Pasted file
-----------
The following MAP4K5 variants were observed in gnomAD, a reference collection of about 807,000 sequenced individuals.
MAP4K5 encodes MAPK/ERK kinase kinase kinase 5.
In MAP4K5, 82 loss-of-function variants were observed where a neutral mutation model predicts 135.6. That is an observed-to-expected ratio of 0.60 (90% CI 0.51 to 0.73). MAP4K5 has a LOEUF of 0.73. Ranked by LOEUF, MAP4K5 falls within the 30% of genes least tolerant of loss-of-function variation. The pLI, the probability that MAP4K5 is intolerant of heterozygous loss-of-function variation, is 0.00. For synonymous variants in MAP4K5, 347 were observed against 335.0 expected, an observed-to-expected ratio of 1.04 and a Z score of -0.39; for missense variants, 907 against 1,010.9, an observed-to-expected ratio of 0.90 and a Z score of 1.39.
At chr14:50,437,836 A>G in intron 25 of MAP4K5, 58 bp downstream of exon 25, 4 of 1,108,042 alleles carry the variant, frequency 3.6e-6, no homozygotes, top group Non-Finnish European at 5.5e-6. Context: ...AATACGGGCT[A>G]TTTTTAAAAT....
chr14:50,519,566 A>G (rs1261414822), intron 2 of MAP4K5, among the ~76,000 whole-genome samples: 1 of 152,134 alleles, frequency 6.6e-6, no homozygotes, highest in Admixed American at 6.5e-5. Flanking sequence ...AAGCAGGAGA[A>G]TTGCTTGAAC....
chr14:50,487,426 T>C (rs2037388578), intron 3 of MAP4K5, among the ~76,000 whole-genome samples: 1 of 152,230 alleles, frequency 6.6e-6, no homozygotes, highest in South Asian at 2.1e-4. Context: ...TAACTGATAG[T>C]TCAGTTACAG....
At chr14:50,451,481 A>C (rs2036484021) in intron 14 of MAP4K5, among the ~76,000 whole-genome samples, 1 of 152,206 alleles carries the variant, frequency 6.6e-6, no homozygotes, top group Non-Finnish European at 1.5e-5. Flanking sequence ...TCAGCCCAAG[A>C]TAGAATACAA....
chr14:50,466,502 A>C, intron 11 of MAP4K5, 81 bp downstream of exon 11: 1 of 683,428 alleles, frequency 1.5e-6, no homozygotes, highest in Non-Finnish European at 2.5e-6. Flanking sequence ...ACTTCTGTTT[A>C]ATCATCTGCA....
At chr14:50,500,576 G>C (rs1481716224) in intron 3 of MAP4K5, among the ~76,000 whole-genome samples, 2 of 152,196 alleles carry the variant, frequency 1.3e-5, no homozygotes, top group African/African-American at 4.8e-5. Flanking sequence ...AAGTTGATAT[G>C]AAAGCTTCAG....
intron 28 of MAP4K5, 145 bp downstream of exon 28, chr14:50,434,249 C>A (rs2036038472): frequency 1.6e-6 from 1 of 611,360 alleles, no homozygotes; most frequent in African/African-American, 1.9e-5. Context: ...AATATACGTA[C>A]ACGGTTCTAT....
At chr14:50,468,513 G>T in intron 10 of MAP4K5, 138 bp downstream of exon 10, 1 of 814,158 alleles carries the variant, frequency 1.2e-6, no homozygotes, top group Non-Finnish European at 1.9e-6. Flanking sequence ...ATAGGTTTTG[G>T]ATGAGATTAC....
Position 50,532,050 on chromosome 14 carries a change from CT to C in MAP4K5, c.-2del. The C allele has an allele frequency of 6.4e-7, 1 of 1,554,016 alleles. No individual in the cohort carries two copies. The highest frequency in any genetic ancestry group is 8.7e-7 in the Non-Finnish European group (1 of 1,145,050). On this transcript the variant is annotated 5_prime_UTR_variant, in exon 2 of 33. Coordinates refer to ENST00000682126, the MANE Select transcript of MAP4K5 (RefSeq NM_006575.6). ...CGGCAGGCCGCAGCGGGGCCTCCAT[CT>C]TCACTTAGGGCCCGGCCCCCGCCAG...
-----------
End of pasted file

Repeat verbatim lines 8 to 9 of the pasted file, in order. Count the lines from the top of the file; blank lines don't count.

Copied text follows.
chr14:50,466,502 A>C, intron 11 of MAP4K5, 81 bp downstream of exon 11: 1 of 683,428 alleles, frequency 1.5e-6, no homozygotes, highest in Non-Finnish European at 2.5e-6. Flanking sequence ...ACTTCTGTTT[A>C]ATCATCTGCA....
At chr14:50,500,576 G>C (rs1481716224) in intron 3 of MAP4K5, among the ~76,000 whole-genome samples, 2 of 152,196 alleles carry the variant, frequency 1.3e-5, no homozygotes, top group African/African-American at 4.8e-5. Flanking sequence ...AAGTTGATAT[G>C]AAAGCTTCAG....